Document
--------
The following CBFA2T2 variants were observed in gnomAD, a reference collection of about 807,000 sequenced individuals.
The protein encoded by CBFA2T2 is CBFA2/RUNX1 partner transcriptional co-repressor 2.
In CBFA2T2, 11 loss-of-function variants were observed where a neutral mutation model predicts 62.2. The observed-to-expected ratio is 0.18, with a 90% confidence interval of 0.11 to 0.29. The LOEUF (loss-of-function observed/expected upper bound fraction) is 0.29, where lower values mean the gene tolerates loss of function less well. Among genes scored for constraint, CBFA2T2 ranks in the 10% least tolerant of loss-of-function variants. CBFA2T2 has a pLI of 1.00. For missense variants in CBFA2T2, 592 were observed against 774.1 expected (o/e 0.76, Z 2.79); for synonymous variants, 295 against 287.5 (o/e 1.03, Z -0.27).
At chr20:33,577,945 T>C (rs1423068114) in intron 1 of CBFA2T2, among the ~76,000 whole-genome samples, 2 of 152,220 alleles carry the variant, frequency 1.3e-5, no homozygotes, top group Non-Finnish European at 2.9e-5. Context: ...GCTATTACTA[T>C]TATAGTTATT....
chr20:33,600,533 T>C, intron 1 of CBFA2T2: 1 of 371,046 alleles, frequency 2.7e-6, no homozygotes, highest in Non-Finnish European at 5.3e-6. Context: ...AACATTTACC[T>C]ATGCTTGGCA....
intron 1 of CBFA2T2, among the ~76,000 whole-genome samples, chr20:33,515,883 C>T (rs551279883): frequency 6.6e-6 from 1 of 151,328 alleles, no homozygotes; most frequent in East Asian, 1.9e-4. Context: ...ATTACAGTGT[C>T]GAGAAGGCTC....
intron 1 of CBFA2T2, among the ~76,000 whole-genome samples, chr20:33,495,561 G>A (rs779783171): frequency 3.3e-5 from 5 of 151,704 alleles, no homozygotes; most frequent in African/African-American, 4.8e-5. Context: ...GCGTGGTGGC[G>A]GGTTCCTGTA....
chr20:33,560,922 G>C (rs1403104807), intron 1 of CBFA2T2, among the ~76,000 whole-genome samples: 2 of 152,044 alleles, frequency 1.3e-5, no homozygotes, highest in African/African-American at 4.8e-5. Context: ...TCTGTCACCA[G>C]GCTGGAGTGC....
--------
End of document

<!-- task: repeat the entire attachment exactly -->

The following CBFA2T2 variants were observed in gnomAD, a reference collection of about 807,000 sequenced individuals.
The protein encoded by CBFA2T2 is CBFA2/RUNX1 partner transcriptional co-repressor 2.
In CBFA2T2, 11 loss-of-function variants were observed where a neutral mutation model predicts 62.2. The observed-to-expected ratio is 0.18, with a 90% confidence interval of 0.11 to 0.29. The LOEUF (loss-of-function observed/expected upper bound fraction) is 0.29, where lower values mean the gene tolerates loss of function less well. Among genes scored for constraint, CBFA2T2 ranks in the 10% least tolerant of loss-of-function variants. CBFA2T2 has a pLI of 1.00. For missense variants in CBFA2T2, 592 were observed against 774.1 expected (o/e 0.76, Z 2.79); for synonymous variants, 295 against 287.5 (o/e 1.03, Z -0.27).
At chr20:33,577,945 T>C (rs1423068114) in intron 1 of CBFA2T2, among the ~76,000 whole-genome samples, 2 of 152,220 alleles carry the variant, frequency 1.3e-5, no homozygotes, top group Non-Finnish European at 2.9e-5. Context: ...GCTATTACTA[T>C]TATAGTTATT....
chr20:33,600,533 T>C, intron 1 of CBFA2T2: 1 of 371,046 alleles, frequency 2.7e-6, no homozygotes, highest in Non-Finnish European at 5.3e-6. Context: ...AACATTTACC[T>C]ATGCTTGGCA....
intron 1 of CBFA2T2, among the ~76,000 whole-genome samples, chr20:33,515,883 C>T (rs551279883): frequency 6.6e-6 from 1 of 151,328 alleles, no homozygotes; most frequent in East Asian, 1.9e-4. Context: ...ATTACAGTGT[C>T]GAGAAGGCTC....
intron 1 of CBFA2T2, among the ~76,000 whole-genome samples, chr20:33,495,561 G>A (rs779783171): frequency 3.3e-5 from 5 of 151,704 alleles, no homozygotes; most frequent in African/African-American, 4.8e-5. Context: ...GCGTGGTGGC[G>A]GGTTCCTGTA....
chr20:33,560,922 G>C (rs1403104807), intron 1 of CBFA2T2, among the ~76,000 whole-genome samples: 2 of 152,044 alleles, frequency 1.3e-5, no homozygotes, highest in African/African-American at 4.8e-5. Context: ...TCTGTCACCA[G>C]GCTGGAGTGC....